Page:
Sometimes the best intentions can lead to the worst results. When Great Britain took the moral high ground and agreed to end its lucrative export of opium from Imperial India to China in 1908, it unleashed a century of criminality. Just as America’s misguided Prohibition of alcohol made illicit fortunes for the Mafia, so organised crime within the British Empire grew rich on its trade in illegal narcotics in the 20th century.

Empire of Crime is the first book to reveal the full extent of organised crime inside the British Empire and how gangsters exploited its global trade routes to establish a new age of criminal networks that spanned the world. They even took the liberty of using the very weapons of imperial power—Her Majesty’s Royal Navy—to smuggle drugs from continent to continent. HMS Belfast—now an iconic museum ship moored in the River Thames—was once packed with Triad narcotics from Hong Kong intended for distribution in America. The revelation has embarrassed a few naval veterans, but a few others have stepped forward to give me their recollections of the day the drugs were discovered.

Uncovering these stories has not been easy as at the time they would have caused great embarrassment. The government reports I have used to write my book have been locked away in secret colonial archives for decades so it is only now that we can learn about the tough battle against organised crime undertaken within the Empire. Certainly approaching the subject as an historian, wanting to map out this little known territory for the first time, has helped relax those witnesses I spoke to.

If Britain had handed a great gift to organised gangsters, it also took on the burden of pursuing the purveyors of this new evil. Principal among these innovative drugs-busting investigators was Russell Pasha, Commandant of the Cairo Police, and founder of the Central Narcotics Intelligence Bureau. Seeing the damage caused by a new wave of opium-derived drugs, especially heroin, on the streets of the Egyptian capital, he set about pulling together evidence of a vast international network linking East with West. Sometimes colonial policemen were drawn into the underworld and had doubts about whether they were really on the right side.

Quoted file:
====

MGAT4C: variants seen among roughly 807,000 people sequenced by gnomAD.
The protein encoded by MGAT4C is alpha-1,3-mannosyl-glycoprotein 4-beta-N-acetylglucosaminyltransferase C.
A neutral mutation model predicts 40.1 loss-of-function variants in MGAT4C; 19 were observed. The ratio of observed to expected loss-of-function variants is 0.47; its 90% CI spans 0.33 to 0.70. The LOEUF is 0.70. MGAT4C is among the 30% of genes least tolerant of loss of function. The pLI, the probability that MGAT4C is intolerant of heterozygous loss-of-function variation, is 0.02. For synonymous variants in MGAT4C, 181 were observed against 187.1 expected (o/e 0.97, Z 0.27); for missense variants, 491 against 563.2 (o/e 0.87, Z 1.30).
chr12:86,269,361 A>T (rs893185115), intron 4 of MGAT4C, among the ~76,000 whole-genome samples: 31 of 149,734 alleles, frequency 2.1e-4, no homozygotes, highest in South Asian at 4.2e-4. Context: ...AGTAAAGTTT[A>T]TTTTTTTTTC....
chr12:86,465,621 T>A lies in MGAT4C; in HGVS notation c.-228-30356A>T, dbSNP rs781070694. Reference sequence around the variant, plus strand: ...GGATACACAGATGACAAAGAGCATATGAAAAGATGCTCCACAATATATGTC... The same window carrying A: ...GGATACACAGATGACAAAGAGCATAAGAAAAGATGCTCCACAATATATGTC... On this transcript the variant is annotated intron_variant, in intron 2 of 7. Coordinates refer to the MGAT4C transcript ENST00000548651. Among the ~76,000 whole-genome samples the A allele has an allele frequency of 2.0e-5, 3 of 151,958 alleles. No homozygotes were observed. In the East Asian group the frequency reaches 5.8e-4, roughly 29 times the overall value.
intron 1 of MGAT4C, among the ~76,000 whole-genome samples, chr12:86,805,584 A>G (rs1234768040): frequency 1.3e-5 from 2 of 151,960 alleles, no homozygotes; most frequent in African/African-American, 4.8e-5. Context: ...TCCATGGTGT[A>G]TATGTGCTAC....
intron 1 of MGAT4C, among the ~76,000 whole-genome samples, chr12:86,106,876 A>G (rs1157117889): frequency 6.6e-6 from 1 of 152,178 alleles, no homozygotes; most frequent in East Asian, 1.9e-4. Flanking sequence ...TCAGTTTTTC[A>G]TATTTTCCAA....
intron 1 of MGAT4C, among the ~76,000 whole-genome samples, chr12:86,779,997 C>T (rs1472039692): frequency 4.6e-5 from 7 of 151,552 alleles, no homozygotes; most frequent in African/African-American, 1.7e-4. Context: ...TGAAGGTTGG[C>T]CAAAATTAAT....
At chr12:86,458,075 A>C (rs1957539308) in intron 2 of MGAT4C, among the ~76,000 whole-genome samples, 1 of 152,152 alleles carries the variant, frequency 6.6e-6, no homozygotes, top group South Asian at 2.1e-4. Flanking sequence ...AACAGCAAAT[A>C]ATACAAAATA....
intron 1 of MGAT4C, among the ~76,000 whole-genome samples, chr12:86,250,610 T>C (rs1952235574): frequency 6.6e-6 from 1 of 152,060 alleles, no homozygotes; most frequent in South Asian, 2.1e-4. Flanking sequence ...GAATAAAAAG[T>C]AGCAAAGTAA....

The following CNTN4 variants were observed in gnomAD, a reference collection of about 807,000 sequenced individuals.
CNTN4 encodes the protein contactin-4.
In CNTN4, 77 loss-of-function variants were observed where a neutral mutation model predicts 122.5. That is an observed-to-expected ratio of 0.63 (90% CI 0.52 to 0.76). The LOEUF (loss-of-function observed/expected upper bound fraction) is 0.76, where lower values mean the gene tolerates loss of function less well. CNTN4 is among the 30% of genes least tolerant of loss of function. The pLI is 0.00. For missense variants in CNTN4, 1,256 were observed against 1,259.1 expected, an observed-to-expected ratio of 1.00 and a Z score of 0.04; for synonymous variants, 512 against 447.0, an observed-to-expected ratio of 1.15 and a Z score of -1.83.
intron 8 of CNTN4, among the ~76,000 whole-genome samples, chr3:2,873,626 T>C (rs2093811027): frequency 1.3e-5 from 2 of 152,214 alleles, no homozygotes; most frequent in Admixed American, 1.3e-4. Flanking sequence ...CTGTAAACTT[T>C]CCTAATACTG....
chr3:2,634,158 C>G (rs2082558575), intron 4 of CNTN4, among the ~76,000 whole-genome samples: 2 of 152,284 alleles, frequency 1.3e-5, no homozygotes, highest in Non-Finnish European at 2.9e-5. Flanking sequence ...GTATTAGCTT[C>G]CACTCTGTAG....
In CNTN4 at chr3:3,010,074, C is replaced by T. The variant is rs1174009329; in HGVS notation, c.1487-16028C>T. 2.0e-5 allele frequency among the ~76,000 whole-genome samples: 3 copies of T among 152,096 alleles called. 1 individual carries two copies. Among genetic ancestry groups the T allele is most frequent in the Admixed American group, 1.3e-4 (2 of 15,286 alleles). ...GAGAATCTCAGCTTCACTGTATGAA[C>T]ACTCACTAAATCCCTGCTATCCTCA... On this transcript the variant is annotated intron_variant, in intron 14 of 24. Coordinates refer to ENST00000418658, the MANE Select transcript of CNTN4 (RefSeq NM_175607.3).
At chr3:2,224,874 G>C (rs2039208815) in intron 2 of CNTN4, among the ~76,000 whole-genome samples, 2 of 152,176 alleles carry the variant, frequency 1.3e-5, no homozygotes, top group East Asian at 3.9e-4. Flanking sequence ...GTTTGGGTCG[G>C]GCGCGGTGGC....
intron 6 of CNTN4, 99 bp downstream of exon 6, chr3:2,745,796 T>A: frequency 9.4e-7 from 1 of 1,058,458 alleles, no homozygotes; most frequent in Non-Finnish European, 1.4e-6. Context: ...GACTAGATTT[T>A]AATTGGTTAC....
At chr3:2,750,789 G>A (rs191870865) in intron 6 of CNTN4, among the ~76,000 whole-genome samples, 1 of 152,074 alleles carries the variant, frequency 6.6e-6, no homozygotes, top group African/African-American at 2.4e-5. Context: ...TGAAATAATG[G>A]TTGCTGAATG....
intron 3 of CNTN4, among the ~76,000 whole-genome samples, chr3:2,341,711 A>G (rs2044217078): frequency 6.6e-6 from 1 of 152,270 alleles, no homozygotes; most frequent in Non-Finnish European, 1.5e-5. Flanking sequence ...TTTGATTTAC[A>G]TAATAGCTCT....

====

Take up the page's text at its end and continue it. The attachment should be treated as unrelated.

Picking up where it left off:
‘I began to wonder if I was getting a kick out of my business,’ said 22-year-old Inspector Drummond of his undercover battle. ‘I used to tell myself it was a nasty job that had to be done, that after all I was only doing my duty, and that the important thing was I should do it well. But did all of them have to die?’

In Hong Kong, Inspector Wallace agonised over the everyday corruption around him. ‘I sometimes feel that it is all rather a bad dream,’ he said. ‘Even if I leave this colony penniless and in disgrace, at least I shall take my principles with me—and these are more precious to me than anything else.’

The story told in this book for the first time is one of high principles challenged by evil conspiracies, of moral crusaders tested by mobster realities. At the heart of it is an extraordinary global empire seeking a mission for good, but derailed by criminal gangs and monstrous illegal profits. Empire of Crime is the dark underbelly of our colonial history.

Empire of Crime by Tim Newark is published by Mainstream.

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